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Four Thousand Weeks: Time management for mortals

Last updated Dec 29, 2022


# What is the book about?

Our time on this earth is limited to four thousand weeks, but our commitments, goals and desires far outstretch what is achievable in this short span of time. This book is about facing our finitude and making choices to pick and choose activities that give us most happiness and satisfaction in our limited time. Reader should be aware that this book often dabbles in existential nihilism hinting that our life is so short that it is basically devoid of meaning. Instead, the takeaway really here is that time is our most valuable resource and we should treat it as such.

# Who should read this book?

If you are feeling overwhelmed with the number of things piling up in your to-do list, fueled by your commitment to work, family and hobbies that you derive satisfaction, this book gives some perspectives on how we can pick and choose things that we will get most happiness from. If you have trouble saying no, this book will help you identify that making hard choices is required to make use of our finite time. I would assume that this book is directed at at-least 30 somethings who have reached a point in their career and family where the number of obligations is too much to meet.

# Tools to embrace our finitude

# Chapter Notes

# Introduction: In the long run, we’re all dead

# 1: The limit embracing life

# 2: The Efficiency Trap

# 3: Facing Finitude

# 4: Become a better procrastinator

# 5: The watermelon problem

# 6: The intimate interruptor

# 7: We never really have time

# 8: You are here

# 9: Rediscovering Rest

# 10: The Impatience Spiral

# 11: Stay on the Bus

# 12: The Loneliness of the Digital Nomad

# 13: Cosmic Insignificance Theory

# 14: The Human Disease

Burkeman poses five questions that we can answer for ourselves to assess the reality of our finite-time situation:

  1. “Where in your life or your work are you currently pursuing comfort, when what’s called for is a little discomfort?” – you want to make sure you’re making choices that result in personal growth.
  2. “Are you holding yourself to, and judging yourself by, standards of productivity or performance that are impossible to meet?” – be realisitic in what you can do.
  3. “In what ways have you yet to accept the fact that you are who you are, not the person you think you ought to be?” – don’t prove yourself to anyone, or meet expectations set by others, instead accept who you are and what you can achieve.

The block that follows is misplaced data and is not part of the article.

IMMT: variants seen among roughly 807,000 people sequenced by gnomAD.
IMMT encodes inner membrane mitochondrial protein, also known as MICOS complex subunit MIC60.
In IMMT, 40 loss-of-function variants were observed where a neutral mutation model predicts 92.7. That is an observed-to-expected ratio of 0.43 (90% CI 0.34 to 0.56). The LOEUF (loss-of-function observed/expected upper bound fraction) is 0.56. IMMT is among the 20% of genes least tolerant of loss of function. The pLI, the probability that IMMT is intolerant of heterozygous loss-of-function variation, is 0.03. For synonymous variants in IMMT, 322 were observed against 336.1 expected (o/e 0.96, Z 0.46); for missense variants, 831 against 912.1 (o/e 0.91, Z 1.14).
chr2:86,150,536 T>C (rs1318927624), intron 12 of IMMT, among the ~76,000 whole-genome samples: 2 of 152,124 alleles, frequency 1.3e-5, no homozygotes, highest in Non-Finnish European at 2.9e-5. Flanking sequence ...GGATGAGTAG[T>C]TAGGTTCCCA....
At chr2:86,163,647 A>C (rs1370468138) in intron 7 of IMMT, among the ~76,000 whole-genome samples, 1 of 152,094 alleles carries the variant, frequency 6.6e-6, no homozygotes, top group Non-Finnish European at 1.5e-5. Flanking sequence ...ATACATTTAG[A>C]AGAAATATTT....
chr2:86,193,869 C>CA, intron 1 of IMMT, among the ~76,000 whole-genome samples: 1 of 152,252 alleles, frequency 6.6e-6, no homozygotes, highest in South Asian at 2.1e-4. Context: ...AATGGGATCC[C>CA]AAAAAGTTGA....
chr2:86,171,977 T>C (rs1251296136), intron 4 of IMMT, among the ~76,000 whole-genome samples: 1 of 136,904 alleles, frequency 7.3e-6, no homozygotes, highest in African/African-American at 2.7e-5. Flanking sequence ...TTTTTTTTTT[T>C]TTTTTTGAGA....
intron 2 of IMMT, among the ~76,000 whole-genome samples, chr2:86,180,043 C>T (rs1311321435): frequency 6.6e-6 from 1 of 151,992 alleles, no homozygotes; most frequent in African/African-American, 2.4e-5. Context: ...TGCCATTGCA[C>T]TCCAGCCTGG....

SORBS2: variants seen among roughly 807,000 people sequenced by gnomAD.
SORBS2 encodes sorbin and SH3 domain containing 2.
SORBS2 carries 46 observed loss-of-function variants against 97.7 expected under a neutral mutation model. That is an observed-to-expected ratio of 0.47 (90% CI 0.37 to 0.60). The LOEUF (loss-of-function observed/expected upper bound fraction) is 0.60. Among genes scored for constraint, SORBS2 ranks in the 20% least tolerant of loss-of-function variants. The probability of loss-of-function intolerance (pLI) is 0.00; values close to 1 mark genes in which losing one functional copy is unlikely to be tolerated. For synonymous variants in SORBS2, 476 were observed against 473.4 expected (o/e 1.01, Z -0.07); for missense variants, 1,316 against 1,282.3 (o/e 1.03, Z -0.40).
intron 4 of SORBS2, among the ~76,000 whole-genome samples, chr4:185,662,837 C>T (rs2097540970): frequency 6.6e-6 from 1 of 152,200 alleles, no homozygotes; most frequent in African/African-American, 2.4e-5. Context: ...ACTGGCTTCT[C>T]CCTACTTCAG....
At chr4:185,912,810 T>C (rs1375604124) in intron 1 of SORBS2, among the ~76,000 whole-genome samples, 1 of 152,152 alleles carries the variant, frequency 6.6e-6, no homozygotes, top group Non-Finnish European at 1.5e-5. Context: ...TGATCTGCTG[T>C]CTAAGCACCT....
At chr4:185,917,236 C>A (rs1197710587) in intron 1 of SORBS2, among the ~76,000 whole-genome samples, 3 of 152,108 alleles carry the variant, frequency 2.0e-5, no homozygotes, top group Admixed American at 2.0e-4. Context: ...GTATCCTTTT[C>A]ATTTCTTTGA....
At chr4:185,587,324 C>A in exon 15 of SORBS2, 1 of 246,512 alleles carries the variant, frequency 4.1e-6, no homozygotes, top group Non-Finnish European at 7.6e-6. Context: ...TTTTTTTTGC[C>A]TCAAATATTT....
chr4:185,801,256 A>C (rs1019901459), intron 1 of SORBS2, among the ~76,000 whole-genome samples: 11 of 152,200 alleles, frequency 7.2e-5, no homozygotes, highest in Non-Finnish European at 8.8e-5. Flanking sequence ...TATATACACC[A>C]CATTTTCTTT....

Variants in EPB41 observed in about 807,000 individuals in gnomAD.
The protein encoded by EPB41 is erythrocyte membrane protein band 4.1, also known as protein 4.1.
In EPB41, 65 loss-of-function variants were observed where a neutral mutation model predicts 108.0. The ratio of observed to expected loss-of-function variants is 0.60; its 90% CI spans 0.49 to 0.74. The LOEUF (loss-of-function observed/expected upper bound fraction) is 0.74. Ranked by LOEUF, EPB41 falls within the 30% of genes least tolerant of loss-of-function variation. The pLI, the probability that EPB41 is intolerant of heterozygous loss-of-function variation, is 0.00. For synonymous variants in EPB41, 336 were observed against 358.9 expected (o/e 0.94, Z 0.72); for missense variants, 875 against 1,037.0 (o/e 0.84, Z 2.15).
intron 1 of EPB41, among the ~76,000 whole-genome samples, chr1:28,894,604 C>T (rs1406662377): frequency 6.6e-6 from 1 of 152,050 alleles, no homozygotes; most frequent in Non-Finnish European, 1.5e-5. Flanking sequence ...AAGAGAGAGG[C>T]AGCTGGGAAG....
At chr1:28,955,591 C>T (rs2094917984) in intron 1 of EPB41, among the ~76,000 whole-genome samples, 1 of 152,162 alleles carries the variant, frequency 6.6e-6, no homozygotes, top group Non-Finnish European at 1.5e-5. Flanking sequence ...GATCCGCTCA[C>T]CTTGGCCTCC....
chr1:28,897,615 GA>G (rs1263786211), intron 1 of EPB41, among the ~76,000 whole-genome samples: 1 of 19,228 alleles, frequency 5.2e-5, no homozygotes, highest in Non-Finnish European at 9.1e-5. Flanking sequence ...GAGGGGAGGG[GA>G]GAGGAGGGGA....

4. “In which areas of life are you still holding back until you feel like you know what you’re doing?” – you may never reach mastery on a skill you’re working on, so get started with what you have right now and do what you will with it.
  5. “How would you spend your days differently if you didn’t care so much about seeing your actions reach fruition?” – avoid being driven by results to achieve satisfaction; the journey is just as important.

# Quotes

“We labour at our daily work more ardently and thoughtlessly than is necessary to sustain our life,” wrote Nietzsche, “because to us it is even more necessary not to have leisure to stop and think. Haste is universal because everyone is in flight from himself.”

“We treat everything we’re doing—life itself, in other words—as valuable only insofar as it lays the groundwork for something else.” – in the context of instrumentalizing time.

“Our obsession with extracting the greatest future value out of our time blinds us to the reality that, in fact, the moment of truth is always now—that life is nothing but a succession of present moments, culminating in death, and that you’ll probably never get to a point where you feel you have things in perfect working order. And that therefore you had better stop postponing the “real meaning” of your existence into the future, and throw yourself into life now.”

“In order to most fully inhabit the only life you ever get, you have to refrain from using every spare hour for personal growth”

# References

Oliver Burkeman, Four Thousand Weeks: Time Management for Mortals, Farrar, Straus and Giroux, 2021, 1st Ed.